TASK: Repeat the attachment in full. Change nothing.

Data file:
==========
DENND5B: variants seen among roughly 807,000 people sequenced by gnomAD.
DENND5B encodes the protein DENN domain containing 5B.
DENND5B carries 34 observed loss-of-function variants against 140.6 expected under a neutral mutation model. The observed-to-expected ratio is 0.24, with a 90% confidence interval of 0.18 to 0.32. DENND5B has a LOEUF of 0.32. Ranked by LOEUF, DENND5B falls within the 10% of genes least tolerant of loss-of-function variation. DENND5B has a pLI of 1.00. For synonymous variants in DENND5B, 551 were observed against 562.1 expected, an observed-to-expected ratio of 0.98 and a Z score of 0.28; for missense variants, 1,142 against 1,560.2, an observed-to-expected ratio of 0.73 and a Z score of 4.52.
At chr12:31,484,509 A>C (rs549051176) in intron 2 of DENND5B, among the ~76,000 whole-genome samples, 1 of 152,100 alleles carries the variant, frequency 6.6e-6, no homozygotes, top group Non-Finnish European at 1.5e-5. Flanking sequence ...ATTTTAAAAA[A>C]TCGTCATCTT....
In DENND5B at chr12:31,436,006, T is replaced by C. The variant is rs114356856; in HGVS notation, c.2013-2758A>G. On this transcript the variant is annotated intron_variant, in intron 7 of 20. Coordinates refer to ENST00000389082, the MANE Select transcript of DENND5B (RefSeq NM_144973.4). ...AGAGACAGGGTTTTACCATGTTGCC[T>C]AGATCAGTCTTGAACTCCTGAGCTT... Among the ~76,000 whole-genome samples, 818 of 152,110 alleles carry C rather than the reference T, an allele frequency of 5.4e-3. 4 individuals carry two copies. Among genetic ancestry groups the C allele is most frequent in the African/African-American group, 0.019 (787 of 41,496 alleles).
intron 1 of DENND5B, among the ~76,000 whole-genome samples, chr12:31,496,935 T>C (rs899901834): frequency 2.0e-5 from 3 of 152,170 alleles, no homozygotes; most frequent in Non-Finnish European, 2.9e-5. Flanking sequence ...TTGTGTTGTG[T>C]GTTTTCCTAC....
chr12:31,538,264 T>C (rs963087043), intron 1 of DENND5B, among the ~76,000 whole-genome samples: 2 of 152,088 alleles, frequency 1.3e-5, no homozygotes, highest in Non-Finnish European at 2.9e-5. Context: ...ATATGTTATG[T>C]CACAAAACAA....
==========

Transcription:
DENND5B: variants seen among roughly 807,000 people sequenced by gnomAD.
DENND5B encodes the protein DENN domain containing 5B.
DENND5B carries 34 observed loss-of-function variants against 140.6 expected under a neutral mutation model. The observed-to-expected ratio is 0.24, with a 90% confidence interval of 0.18 to 0.32. DENND5B has a LOEUF of 0.32. Ranked by LOEUF, DENND5B falls within the 10% of genes least tolerant of loss-of-function variation. DENND5B has a pLI of 1.00. For synonymous variants in DENND5B, 551 were observed against 562.1 expected, an observed-to-expected ratio of 0.98 and a Z score of 0.28; for missense variants, 1,142 against 1,560.2, an observed-to-expected ratio of 0.73 and a Z score of 4.52.
At chr12:31,484,509 A>C (rs549051176) in intron 2 of DENND5B, among the ~76,000 whole-genome samples, 1 of 152,100 alleles carries the variant, frequency 6.6e-6, no homozygotes, top group Non-Finnish European at 1.5e-5. Flanking sequence ...ATTTTAAAAA[A>C]TCGTCATCTT....
In DENND5B at chr12:31,436,006, T is replaced by C. The variant is rs114356856; in HGVS notation, c.2013-2758A>G. On this transcript the variant is annotated intron_variant, in intron 7 of 20. Coordinates refer to ENST00000389082, the MANE Select transcript of DENND5B (RefSeq NM_144973.4). ...AGAGACAGGGTTTTACCATGTTGCC[T>C]AGATCAGTCTTGAACTCCTGAGCTT... Among the ~76,000 whole-genome samples, 818 of 152,110 alleles carry C rather than the reference T, an allele frequency of 5.4e-3. 4 individuals carry two copies. Among genetic ancestry groups the C allele is most frequent in the African/African-American group, 0.019 (787 of 41,496 alleles).
intron 1 of DENND5B, among the ~76,000 whole-genome samples, chr12:31,496,935 T>C (rs899901834): frequency 2.0e-5 from 3 of 152,170 alleles, no homozygotes; most frequent in Non-Finnish European, 2.9e-5. Flanking sequence ...TTGTGTTGTG[T>C]GTTTTCCTAC....
chr12:31,538,264 T>C (rs963087043), intron 1 of DENND5B, among the ~76,000 whole-genome samples: 2 of 152,088 alleles, frequency 1.3e-5, no homozygotes, highest in Non-Finnish European at 2.9e-5. Context: ...ATATGTTATG[T>C]CACAAAACAA....